Wow. Even when he was in clear first with two rounds to go you didn't want to say it out loud and jinx it, the way none of the other players will talk about a no-hitter in progress in baseball. But now it's over! Hikaru Nakamura, the 23-year-old from White Plains, NY and two-time US champion, just achieved the biggest victory of his career at the Tata Steel Chess tournament in Wijk aan Zee, the Netherlands. He finished in clear first place with six wins, one loss, and six draws. Trailing him were world champion Viswanathan Anand, world #1 Magnus Carlsen, #3 Levon Aronian, and former world champion Vladimir Kramnik. Nakamura's +5 score was the highest in the Wijk aan Zee A Group since
2002 2006 and was good for a incredible performance rating of 2879. The result will push the American into the top seven in the world with the top five in reach. Congratulations!
[It was just a guess the first time, but then, despite looking for it specifically in Anand's results for the past 10 years and in the Wijk site history page, I still managed to overlook that Anand and Topalov tied for first at Wijk aan Zee in 2006 with +5. Inexcusable blindness. Usually this sort of thing is cleared up quickly thanks to the fact-checking department, aka the comments, but I haven't had time to read them lately.]
The final round was a bit of a piffle otherwise, as final rounds often are. Every game was drawn in the A Group for the first time this tournament. The two key games, Nakamura-Wang Hao and Nepomniachtchi-Anand were actually interesting, however. Nakamura surprised his opponent with a shift into a Benoni structure, probably a smart decision to go for more forcing play and avoid a long grinding game in which nerves might become an issue. He swapped pieces, offered an exchange sac on b4, and invited Wang Hao to take on considerable risk to play for a win. The Chinese declined and took the draw on move 22. Nakamura then had to sweat out whether or not Nepomniachtchi's exchange sac for a blockade was going to be enough to hold Anand. After 38 moves it was and Nakamura became the clear Tata Steel champion. An amazing tournament for him, especially with two wins coming after a rough loss to Carlsen that might have derailed him.
Aronian tried to move up to reach Anand against Smeets but couldn't make it happen. Shirov and l'Ami also showed up for work. Grischuk-Carlsen was admirably sharp, if mostly played before, but they fizzled out before move 20. Carlsen ended on +3, which was quite an good score considering the number of lapses he had. Only Nakamura had more wins than his five and of the only three decisive games between the six plus-score players, two were Carlsen wins. The other was Nakamura's win over Vachier-Lagrave. Speaking of, in the final round Vachier-Lagrave moved his queen four times in a row against Kramnik early in a Grunfeld and lived. A very strong performance from the Frenchman, who finished on +2 with Kramnik and lost only that one game.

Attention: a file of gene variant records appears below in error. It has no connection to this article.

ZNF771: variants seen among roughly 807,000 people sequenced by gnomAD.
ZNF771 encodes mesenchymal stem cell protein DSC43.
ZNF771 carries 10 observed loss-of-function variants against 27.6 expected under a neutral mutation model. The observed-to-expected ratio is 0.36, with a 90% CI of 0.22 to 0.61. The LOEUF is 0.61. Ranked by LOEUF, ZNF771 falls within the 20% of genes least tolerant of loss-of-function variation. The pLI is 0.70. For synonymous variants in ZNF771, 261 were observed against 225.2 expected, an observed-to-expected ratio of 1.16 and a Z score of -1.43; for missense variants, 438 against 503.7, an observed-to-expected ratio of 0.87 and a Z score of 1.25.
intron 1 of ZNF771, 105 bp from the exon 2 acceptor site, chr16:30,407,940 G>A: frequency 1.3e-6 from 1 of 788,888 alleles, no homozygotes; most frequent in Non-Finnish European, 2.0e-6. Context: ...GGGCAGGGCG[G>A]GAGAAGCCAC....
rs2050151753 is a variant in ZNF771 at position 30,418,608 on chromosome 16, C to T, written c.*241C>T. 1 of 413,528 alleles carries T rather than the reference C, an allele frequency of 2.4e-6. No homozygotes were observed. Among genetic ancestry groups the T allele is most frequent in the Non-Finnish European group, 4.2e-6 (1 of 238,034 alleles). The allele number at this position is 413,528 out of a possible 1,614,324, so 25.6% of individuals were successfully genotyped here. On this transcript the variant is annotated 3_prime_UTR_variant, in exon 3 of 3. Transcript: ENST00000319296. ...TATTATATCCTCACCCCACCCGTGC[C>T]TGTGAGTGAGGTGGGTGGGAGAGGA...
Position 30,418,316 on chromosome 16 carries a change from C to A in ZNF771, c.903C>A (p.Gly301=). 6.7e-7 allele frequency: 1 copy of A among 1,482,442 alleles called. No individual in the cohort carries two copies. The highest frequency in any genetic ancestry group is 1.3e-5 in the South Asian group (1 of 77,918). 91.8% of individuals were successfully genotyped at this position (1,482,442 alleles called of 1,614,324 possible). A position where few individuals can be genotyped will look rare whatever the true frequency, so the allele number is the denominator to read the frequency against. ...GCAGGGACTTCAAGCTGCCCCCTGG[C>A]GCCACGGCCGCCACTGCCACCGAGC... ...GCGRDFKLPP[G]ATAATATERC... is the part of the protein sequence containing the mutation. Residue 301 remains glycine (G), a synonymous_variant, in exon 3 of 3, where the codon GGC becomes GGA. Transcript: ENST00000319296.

In the middle on down, really only Giri's even score stands out due to his youth. He only won two games, but one was against Carlsen and he was pressing against Anand and Nakamura. The 16-year-old is clearly ready to handle the A Group and will likely be a fixture for the next dozen years at least. Grischuk was unrecognizable, losing five games. Shirov, who started with five wins last year and finished =2-3, came in dead last. But with him we're used to the highs and lows. At least he helped out the locals by keeping Smeets and l'Ami out of the cellar. Smeets started strong but just couldn't keep his head above water. l'Ami was the only winless player. Nepomniachtchi and Wang Hao both played some interesting chess and were welcome additions. Ponomariov showed his solidity for an even score, but he seemed to go into a shell for a while in the middle.
It will take some research, and of course it will be subject to debate, but this is a strong contender for the best individual American tournament result since Fischer. Kamsky's match run to the FIDE world championship in 94-95 deserves mention, as does his victory at the FIDE KO in 2007. But you can count the number of times an American has finished ahead of a reigning world champion, let alone a field like this year's Wijk aan Zee. And by "you can count" I mean "You'd better do the counting because I'm too lazy/busy to look through that much data right now and off the top of my head I've got nothing." Kamsky at Las Palmas 94 and Seirawan at Haninge in 1990 are about it for big round-robin wins, and both were ahead of Karpov, not Kasparov. Both were Candidates and Kamsky a FIDE title challenger. Or am I forgetting a big one? Is there a Browne or Kavalek or Christiansen result that should be in there? Probably.
Of course this isn't just a great result "for an American." +5 is rarefied territory in super-tournaments. Making a list with Topalov, Carlsen, and Ivanchuk as the few to do it recently shows how hard it is. It's also great because with Nakamura playing rabbit, the other contenders were forced to push. That is, just because
Anand and Kramnik haven't put up +5 in over a decade doesn't mean they haven't won plenty of tournaments. [As corrected above, Anand did it in 2006, sorry for the error.] They just haven't had to put up big scores to win them. +3 is great if it wins the event, but if it's only good for fourth place you'd better raise your game and stop taking days off. This is why nobody is asking why Peter Leko hasn't played in so long. Fresh blood!
So, what's up with Linares? All I remember hearing is that they were considering a Bilbao-style outdoor element and that Carlsen would be there, but that was a while ago.